Scientific Method Review

By Laura Hospitál on May 22, 2015

As students complete science projects, it is valuable to review the steps of the scientific method prior to the completion of the project board by having students make a smaller version of the science project board.  For students with a visual impairment the project board completion can be utilized as a review.  

This idea came out of a conversation that Kate Fraser and I had at POSB.  Thanks, Kate!


Prepare copies of the following steps of the scientific method in the appropriate reading medium for each student:

  • Question
  • Research
  • Hypotheses
  • Experiment
  • Results and Conclusion

These terms can be either simplified or made more advanced depending on the levels of the student.  See variations for simpler wording.

Cut out the terms so that each term is on a separate strip of paper (See picture)


  • Perkins Braillewriter or PC with Duxbury
  • braille paper
  • copy paper
  • computer
  • removable double sided-tape


  • As students enter class each student (braille and print) should have a piece of 8.5"X11" braille paper at his/her desk.  Print students may wonder why they have a piece of braille paper.  Assure them that you have not made a mistake, but that they will be using braille paper today.
  • Warm up:  Give each student the steps of the scientific method out of order.  Have him/her place them in correct order.
  • Discuss the order.  If students have not correctly placed them in order, spend time discussing why the process occurs in this manner.  One common mistake is placing research in the wrong order in the process.  Remind students that the hypothesis is based on reserach completed.  Take time to talk about research that they completed for their project if warranted.
  • Guided:  Assist students to fold the braille paper into a tri-fold board.  Expain that the steps of the scientific method will be placed from left to right across the board.
  • Place double-sided tape on the back of the strips.  Students will now glue them down on the board from left to right across the braille paper.
  • Closure:  Students will summarize (either orally or in written form depending on time and ability) the steps of their own projects based on the scientific method. 


If a more kinesthetic activity is desired, students could each be given a card with one step of the scientific method listed taped to his/her back.  Students would read the other students backs and place themselves in the correct order.  Discussion of the scientific method would then occur.

The activity would then proceed with students placing all steps on individual pages as per the procedure.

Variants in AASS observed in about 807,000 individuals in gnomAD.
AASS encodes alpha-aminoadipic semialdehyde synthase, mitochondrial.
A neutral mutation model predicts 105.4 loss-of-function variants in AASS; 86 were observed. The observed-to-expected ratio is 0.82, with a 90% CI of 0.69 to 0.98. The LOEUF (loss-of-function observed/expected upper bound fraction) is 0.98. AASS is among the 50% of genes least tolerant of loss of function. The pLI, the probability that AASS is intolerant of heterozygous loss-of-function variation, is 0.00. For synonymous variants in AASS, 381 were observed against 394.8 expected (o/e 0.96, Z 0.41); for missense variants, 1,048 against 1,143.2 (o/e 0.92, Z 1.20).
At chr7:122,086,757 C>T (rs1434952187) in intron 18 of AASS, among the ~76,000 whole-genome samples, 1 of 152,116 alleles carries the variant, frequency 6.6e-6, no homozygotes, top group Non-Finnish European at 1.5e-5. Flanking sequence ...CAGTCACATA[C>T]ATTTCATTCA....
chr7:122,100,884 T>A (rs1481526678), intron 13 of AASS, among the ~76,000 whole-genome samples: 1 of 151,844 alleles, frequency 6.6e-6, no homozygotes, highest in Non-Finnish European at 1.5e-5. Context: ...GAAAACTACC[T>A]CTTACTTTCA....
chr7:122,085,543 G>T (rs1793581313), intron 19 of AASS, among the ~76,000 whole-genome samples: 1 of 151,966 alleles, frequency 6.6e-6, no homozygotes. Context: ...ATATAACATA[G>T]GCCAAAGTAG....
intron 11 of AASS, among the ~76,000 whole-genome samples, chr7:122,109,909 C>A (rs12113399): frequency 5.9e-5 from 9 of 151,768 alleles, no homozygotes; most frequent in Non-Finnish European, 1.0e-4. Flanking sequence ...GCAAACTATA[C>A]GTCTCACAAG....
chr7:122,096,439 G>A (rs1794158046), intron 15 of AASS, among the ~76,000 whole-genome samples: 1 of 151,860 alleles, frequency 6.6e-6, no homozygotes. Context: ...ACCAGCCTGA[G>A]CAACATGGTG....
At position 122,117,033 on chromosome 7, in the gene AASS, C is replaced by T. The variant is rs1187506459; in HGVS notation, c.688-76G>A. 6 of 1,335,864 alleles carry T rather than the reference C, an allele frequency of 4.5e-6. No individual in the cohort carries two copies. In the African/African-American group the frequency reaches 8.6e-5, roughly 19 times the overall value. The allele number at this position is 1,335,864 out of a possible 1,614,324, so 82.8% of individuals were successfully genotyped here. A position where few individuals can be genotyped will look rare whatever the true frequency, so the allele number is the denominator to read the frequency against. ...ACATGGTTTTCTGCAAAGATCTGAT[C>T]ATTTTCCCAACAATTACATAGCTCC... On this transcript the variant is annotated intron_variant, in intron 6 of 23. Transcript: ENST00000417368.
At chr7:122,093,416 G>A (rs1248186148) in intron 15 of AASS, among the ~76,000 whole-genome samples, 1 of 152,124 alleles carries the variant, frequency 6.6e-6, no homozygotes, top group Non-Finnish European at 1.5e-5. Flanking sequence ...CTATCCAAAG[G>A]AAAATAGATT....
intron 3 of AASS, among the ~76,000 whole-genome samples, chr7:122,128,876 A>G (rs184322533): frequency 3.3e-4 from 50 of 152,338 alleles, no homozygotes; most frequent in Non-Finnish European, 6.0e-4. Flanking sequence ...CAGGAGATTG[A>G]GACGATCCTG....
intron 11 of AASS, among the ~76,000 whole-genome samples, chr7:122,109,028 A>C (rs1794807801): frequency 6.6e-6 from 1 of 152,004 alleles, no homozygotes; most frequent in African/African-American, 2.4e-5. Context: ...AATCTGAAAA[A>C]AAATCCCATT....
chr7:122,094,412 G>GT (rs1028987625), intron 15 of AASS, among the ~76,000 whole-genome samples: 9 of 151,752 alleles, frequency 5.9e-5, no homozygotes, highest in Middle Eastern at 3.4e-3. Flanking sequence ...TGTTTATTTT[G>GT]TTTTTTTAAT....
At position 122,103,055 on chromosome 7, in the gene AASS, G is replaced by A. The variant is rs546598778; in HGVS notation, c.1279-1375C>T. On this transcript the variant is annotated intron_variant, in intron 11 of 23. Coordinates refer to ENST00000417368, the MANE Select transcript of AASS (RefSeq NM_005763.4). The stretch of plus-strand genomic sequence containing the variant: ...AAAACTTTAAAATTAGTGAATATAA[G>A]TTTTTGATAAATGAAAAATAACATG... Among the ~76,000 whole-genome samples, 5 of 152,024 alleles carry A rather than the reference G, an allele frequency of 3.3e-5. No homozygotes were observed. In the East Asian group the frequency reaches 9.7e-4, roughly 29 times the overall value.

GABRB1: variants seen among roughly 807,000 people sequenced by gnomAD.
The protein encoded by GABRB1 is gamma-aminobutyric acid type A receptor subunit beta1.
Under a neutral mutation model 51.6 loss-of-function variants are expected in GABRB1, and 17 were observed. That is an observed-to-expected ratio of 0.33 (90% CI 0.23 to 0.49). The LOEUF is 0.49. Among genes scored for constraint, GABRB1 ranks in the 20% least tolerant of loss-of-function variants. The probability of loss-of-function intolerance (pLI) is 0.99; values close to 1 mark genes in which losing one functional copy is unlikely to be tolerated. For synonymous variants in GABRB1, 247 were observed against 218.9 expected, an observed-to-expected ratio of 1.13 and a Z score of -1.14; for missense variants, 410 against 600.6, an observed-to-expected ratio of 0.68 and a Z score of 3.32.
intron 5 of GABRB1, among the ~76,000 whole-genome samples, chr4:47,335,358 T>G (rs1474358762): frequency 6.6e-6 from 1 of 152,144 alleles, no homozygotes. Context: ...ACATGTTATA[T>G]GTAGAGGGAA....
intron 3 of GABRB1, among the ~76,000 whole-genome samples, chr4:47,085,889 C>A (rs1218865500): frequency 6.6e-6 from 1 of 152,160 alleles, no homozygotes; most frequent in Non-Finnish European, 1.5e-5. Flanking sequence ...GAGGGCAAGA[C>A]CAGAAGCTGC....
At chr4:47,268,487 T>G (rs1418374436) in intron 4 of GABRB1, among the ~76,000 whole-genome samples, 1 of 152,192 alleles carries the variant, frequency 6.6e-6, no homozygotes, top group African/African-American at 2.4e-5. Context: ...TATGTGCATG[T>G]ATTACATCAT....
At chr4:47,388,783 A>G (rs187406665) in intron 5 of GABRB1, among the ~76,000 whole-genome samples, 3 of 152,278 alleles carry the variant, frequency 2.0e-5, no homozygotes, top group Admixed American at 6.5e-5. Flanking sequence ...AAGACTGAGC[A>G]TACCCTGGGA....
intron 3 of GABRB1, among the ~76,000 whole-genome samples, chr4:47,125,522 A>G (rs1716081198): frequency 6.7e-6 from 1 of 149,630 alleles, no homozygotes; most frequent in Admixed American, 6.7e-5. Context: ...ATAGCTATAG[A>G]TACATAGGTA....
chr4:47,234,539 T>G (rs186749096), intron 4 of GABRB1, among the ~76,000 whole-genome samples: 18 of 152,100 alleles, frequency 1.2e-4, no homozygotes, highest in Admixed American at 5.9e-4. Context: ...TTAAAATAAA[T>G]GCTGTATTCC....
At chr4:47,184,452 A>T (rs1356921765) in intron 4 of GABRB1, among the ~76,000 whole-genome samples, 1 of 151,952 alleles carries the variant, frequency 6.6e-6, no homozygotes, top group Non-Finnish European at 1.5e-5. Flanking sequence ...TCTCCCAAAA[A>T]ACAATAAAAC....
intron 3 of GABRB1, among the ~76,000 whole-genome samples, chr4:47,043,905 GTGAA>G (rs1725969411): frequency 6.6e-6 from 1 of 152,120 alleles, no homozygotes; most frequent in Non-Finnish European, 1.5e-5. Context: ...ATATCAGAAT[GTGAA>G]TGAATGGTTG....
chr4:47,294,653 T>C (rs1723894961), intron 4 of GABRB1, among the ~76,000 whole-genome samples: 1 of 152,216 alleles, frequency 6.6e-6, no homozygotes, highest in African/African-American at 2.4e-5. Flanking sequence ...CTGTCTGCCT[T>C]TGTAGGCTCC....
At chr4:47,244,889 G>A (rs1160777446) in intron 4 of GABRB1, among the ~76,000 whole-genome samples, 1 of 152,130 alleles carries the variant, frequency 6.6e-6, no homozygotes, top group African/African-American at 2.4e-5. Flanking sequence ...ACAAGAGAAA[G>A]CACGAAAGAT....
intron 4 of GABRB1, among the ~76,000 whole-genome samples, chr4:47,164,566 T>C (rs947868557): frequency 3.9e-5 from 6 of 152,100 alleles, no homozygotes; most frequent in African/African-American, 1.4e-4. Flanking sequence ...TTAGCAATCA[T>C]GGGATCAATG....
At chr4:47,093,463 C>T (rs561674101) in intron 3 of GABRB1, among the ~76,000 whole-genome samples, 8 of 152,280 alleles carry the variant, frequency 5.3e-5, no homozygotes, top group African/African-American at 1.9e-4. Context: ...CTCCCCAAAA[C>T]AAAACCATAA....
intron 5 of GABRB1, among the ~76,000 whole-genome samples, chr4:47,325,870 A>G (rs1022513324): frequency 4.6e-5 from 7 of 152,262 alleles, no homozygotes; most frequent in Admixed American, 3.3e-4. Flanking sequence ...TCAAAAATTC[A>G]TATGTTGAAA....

scientific collage

NGSS Standards:

Analyzing and Interpreting Data
Analyzing data in 9–12 builds on K–8 experiences and progresses tointroducing more detailed statistical analysis, the comparison of data sets for consistency, and the use of models to generate and analyze data.
Apply concepts of statistics and probability (including determining function fits to data, slope, intercept, and correlation coefficient for linear fits) to scientific and engineering questions and problems, using digital tools when feasible. (HS-LS4-3)

Constructing Explanations and Designing Solutions                                                                                                               

Constructing explanations and designing solutions in 9–12 builds on K–8 experiences and progresses to explanations and designs that are supported by multiple and independent student-generated sources of evidence consistent with scientific ideas, principles, and theories.

Construct an explanation based on valid and reliable evidence obtained from a variety of sources (including students’ own investigations, models, theories, simulations, peer review) and the assumption that theories and laws that describe the natural world operate today as they did in the past and will continue to do so in the future. (HS-LS4-2),(HS-LS4-4)

Engaging in Argument from Evidence
Engaging in argument from evidence in 9-12 builds on K-8 experiences and progresses to using appropriate and sufficient evidence and scientific reasoning to defend and critique claims and explanations about the natural and designed world(s). Arguments may also come from current or historical episodes in science.

Evaluate the evidence behind currently accepted explanations or solutions to determine the merits of arguments. (HS-LS4-5)

Obtaining, Evaluating, and Communicating Information

Obtaining, evaluating, and communicating information in 9–12 builds on K–8 experiences and progresses to evaluating the validity and reliability of the claims, methods, and designs. Communicate scientific information (e.g., about phenomena and/or the process of development and the design and performance of a proposed process or system) in multiple formats (including orally, graphically, textually, and mathematically). (HS-LS4-1)